The glow of the computer screen flickers against a slumped, exhausted form. If you listen carefully, you can hear, “But… I… am… a… human…” It’s called Captcha Fatigue and if you’ve ever used Ticketmaster you might have felt like the entire system is gamed to result in the most frustrating, unintelligible bits of smushed together letters, designed to keep you from purchasing anything. And now it’s going away.
Well, it’s not going away forever but at least Ticketmaster has decided the system isn’t worth keeping. Captcha Fatigue might be a made up condition but we’re sure plenty of other frustrated customers have keyed in nonsensical phrases, only to be told it’s not correct, you’re a robot. But you’re not a robot.
BBC News says Ticketmaster is shifting to a simpler system where users will be asked to type actual phrases that make sense, like “freezing temperatures” instead of “tormentis harlory.” Pardon while I look that one up.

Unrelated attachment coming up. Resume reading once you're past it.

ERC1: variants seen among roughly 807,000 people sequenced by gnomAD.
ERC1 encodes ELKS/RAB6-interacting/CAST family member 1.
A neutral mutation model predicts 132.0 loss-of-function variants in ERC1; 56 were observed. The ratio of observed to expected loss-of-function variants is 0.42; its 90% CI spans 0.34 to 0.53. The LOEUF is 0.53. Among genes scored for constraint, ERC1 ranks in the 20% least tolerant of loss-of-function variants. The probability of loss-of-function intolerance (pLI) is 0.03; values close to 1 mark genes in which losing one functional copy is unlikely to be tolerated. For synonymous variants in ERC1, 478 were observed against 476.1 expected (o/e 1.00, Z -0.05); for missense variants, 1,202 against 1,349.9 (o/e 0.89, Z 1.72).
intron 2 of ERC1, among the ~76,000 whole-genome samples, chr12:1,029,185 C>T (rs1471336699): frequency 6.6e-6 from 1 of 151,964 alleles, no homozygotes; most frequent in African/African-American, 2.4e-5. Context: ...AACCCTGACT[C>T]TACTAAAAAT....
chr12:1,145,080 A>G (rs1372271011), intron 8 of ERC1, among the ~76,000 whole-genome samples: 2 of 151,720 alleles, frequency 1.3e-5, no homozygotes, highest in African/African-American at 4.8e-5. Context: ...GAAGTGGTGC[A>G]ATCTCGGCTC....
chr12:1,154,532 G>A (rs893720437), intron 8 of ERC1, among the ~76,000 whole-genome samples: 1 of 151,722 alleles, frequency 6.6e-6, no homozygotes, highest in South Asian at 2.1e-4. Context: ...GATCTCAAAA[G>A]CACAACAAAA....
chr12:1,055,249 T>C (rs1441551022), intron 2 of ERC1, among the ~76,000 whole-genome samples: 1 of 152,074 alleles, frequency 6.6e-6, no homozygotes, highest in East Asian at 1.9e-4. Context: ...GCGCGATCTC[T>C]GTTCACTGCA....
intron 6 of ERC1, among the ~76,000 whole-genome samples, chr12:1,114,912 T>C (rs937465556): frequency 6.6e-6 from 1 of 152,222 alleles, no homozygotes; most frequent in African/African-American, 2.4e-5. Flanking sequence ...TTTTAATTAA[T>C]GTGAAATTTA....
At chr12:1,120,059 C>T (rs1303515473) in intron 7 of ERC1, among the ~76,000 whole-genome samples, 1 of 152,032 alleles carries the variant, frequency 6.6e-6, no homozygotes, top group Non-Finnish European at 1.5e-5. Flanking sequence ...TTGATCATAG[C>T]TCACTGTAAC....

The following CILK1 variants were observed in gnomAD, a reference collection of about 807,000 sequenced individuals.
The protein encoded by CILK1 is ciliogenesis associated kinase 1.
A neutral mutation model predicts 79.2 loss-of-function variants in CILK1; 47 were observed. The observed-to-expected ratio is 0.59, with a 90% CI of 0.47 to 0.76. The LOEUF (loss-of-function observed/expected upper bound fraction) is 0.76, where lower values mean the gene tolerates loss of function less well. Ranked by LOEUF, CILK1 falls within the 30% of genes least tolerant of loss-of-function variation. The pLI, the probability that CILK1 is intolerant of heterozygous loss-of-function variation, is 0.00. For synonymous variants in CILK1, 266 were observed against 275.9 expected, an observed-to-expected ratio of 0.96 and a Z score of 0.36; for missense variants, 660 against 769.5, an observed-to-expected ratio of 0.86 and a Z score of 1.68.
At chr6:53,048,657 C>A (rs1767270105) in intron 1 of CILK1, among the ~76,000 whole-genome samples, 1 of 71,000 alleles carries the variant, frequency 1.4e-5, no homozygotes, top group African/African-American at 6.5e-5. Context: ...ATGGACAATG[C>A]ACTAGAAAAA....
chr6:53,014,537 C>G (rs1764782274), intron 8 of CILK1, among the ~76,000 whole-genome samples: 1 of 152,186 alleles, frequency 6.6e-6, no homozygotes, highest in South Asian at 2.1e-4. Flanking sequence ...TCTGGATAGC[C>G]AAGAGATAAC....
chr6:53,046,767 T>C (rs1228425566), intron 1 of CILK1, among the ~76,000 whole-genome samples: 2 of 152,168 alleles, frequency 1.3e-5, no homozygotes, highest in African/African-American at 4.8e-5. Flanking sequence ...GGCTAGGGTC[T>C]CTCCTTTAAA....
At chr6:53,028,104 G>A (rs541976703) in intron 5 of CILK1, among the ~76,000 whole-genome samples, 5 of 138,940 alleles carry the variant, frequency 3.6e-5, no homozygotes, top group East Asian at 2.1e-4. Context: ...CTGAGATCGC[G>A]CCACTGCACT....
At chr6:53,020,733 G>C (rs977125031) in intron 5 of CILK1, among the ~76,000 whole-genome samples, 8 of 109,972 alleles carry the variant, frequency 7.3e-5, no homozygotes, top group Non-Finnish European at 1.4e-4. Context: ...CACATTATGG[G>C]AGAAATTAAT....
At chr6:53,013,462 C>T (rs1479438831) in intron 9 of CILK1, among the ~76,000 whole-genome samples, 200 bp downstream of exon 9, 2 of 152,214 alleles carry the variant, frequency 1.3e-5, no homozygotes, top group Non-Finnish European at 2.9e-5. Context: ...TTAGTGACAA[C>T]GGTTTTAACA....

Captcha stands for Completely Automated Public Turing test to tell Computers and Humans Apart, and since it was first developed in 2000, it’s had to get wily to discourage robots from trying to buy a large number of tickets. Those advances mean it’s become more and more annoying and frustrating.
Indeed, anytime I’m faced with a Captcha I take four deep breaths and resign myself to entering at least two different phrases, if not more. The new software used by Ticketmaster will also use multiple choice questions along with well-known phrases, and it seems to be doing the job.
“We’re starting to see an uptick in fan satisfaction,” said Kip Levin, Ticketmaster’s executive vice president of eCommerce. ”We’re happy with what we’ve seen from a security standpoint as well.”
Relief is in sight, everyone. Sweet, sweet Captcha relief.